Is it possible that America has been technologically leap-frogged by Russia or China? Or, as many people wondered after the videos were first published by the New York Times in December, might they be evidence of some alien civilization?
Unfortunately, we have no idea, because we aren’t even seeking answers.
I served as deputy assistant secretary of defense for intelligence for the Clinton and George W. Bush administrations and as staff director for the Senate Intelligence Committee, and I know from numerous discussions with Pentagon officials over the past two years that military departments and agencies treat such incidents as isolated events rather than as part of a pattern requiring serious attention and investigation. A colleague of mine at To the Stars Academy, Luis Elizondo, used to run a Pentagon intelligence program that examined evidence of “anomalous” aircraft, but he resigned last fall to protest government inattention to the growing body of empirical data.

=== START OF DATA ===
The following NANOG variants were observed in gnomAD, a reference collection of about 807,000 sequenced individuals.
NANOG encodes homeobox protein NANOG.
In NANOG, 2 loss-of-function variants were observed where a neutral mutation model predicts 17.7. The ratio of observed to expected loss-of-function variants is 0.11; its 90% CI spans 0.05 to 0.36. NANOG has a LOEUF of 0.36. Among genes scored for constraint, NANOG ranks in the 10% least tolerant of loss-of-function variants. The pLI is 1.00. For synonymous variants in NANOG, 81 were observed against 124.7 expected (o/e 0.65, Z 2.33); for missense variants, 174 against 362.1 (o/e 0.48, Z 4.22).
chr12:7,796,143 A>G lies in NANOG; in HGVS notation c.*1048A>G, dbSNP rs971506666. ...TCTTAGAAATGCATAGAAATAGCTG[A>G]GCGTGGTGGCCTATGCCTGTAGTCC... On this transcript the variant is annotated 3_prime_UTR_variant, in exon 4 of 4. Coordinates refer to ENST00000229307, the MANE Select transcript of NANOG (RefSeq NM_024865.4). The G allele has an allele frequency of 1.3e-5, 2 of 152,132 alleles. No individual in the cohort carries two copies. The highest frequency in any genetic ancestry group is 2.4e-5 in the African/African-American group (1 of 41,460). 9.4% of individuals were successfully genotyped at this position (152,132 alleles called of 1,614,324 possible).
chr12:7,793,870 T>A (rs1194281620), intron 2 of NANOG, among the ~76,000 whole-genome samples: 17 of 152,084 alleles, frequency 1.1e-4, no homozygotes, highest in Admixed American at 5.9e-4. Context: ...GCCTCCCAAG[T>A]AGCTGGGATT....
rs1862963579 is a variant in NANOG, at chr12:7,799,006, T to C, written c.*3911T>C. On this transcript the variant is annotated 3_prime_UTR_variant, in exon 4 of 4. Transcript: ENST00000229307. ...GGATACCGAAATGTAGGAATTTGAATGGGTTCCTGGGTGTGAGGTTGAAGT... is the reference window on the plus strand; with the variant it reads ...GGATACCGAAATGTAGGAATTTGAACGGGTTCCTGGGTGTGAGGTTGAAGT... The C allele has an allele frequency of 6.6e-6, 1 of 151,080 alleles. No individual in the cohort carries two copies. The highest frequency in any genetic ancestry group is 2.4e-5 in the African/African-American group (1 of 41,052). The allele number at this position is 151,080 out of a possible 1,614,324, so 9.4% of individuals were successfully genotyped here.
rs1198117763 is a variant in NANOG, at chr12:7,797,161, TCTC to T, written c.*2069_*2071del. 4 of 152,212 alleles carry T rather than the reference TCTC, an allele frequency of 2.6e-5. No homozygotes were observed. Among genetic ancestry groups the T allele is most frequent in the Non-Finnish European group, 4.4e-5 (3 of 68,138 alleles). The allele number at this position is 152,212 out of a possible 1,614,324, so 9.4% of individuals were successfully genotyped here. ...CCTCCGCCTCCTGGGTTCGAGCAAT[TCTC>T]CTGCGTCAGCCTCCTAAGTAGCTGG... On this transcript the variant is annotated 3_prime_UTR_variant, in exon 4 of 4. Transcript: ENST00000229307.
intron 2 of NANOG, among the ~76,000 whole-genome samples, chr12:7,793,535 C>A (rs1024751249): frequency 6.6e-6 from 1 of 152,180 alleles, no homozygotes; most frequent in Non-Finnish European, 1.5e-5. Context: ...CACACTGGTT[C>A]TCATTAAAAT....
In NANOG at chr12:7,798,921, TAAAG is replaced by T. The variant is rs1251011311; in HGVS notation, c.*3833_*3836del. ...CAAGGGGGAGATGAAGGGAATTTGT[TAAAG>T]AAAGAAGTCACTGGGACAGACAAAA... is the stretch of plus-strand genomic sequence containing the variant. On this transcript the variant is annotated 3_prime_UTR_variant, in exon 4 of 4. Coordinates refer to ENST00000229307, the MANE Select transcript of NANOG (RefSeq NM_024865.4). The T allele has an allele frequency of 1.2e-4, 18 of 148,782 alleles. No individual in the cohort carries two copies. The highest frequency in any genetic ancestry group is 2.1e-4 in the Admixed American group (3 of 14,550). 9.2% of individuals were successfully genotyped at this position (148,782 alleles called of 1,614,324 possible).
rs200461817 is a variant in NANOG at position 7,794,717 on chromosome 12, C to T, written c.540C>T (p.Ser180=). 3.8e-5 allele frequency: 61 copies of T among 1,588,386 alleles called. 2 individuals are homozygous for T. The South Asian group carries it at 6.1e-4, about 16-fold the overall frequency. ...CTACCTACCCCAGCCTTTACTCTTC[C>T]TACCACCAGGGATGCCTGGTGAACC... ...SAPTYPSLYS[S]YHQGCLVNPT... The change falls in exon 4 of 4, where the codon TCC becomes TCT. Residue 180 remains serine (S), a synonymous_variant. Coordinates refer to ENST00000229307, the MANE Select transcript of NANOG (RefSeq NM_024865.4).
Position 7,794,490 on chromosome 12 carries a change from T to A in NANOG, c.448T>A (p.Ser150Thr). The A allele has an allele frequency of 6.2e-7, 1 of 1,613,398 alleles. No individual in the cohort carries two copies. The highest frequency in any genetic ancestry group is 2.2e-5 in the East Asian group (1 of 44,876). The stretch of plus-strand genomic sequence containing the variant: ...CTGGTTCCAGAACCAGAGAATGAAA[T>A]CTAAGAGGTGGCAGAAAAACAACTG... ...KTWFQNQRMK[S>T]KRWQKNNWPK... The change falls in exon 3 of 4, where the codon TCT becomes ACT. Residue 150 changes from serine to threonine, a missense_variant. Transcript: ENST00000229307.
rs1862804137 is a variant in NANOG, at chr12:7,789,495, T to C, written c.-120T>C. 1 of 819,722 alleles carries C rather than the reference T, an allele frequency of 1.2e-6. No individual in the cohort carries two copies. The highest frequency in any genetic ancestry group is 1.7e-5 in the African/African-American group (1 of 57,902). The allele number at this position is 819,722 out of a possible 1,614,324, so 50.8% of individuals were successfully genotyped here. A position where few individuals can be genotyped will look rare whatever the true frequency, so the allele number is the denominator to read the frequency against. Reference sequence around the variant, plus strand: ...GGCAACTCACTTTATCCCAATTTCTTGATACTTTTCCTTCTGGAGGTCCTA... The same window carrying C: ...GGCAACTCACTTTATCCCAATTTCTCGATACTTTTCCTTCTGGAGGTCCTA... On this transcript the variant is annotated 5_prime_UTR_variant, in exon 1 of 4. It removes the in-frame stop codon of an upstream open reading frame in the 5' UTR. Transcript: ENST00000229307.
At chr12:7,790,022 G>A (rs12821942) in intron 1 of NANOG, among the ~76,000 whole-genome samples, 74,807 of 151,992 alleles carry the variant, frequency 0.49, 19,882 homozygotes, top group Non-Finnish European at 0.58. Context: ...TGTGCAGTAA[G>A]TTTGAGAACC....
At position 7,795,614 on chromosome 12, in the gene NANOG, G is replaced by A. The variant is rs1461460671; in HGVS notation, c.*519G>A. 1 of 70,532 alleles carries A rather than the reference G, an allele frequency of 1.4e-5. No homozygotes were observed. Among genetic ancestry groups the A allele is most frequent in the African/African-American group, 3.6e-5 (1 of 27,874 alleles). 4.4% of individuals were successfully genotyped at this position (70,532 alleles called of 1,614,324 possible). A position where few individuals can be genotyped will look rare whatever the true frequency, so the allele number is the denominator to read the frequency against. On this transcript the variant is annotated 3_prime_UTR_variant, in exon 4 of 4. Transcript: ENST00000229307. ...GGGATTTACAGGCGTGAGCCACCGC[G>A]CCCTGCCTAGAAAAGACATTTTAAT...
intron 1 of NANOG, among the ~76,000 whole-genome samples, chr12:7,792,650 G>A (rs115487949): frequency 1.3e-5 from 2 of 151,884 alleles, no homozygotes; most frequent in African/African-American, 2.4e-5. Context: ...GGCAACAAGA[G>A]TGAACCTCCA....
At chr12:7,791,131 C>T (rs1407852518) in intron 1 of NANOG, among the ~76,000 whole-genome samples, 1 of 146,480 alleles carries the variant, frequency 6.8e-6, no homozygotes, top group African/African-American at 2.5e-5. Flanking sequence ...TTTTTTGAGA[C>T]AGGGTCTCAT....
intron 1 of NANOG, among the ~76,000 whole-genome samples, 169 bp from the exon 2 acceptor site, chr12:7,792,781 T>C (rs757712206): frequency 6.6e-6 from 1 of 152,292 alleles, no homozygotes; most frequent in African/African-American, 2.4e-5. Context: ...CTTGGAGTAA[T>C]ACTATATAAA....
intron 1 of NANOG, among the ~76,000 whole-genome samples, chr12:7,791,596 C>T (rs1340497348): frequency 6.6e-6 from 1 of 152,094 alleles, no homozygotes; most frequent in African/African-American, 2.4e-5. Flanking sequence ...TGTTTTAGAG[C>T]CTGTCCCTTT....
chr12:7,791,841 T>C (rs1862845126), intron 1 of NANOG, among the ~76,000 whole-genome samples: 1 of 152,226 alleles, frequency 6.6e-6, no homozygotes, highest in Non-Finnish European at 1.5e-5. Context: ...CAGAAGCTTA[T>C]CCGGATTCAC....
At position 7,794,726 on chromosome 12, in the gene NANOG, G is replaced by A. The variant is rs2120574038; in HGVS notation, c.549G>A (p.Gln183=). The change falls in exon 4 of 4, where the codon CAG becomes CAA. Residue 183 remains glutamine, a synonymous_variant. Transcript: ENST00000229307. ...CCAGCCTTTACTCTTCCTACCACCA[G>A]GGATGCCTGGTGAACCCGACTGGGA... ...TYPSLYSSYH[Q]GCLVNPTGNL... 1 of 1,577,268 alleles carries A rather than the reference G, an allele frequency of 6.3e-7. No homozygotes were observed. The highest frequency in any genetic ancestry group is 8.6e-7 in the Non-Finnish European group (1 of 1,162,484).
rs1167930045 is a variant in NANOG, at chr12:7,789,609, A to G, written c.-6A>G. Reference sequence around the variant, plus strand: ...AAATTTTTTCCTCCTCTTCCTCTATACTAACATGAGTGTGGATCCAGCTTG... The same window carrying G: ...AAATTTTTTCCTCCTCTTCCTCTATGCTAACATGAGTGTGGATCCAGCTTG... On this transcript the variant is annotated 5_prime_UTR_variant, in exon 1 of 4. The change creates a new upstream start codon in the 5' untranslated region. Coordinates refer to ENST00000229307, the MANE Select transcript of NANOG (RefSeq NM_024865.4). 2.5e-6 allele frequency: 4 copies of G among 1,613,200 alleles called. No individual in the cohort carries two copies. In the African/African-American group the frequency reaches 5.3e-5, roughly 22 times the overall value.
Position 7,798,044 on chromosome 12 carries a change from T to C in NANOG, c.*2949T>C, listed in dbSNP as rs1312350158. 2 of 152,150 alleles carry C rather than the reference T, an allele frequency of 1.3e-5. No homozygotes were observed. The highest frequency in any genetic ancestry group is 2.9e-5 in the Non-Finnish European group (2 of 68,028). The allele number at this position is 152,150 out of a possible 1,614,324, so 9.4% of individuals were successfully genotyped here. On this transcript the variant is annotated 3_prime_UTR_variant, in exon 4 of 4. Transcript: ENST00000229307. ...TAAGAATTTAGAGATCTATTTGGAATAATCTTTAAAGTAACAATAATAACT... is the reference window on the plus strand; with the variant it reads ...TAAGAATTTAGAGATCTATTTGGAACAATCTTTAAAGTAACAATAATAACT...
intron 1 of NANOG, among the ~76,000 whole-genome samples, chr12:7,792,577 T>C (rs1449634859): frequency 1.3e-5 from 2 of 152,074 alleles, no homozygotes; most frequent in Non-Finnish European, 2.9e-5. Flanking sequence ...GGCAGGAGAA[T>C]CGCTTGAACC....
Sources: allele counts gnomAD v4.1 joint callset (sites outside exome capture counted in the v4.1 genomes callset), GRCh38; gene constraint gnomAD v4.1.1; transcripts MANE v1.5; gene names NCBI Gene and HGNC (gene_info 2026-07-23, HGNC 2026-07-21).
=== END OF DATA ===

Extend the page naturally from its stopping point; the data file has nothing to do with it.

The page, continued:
Meanwhile, reports from different services and agencies remain largely ignored and unevaluated inside their respective bureaucratic stovepipes. There is no Pentagon process for synthesizing all the observations the military is making. The current approach is equivalent to having the Army conduct a submarine search without the Navy. It is also reminiscent of the counterterrorism efforts of the CIA and the FBI before Sept. 11, 2001, when each had information on the hijackers that they kept to themselves. In this instance, the truth may ultimately prove benign, but why leave it to chance?
(A Pentagon spokesman did not respond to requests from The Washington Post for comment, but in December, the military confirmed the existence of a program to investigate UFOs and said it had stopped funding the research in 2012.)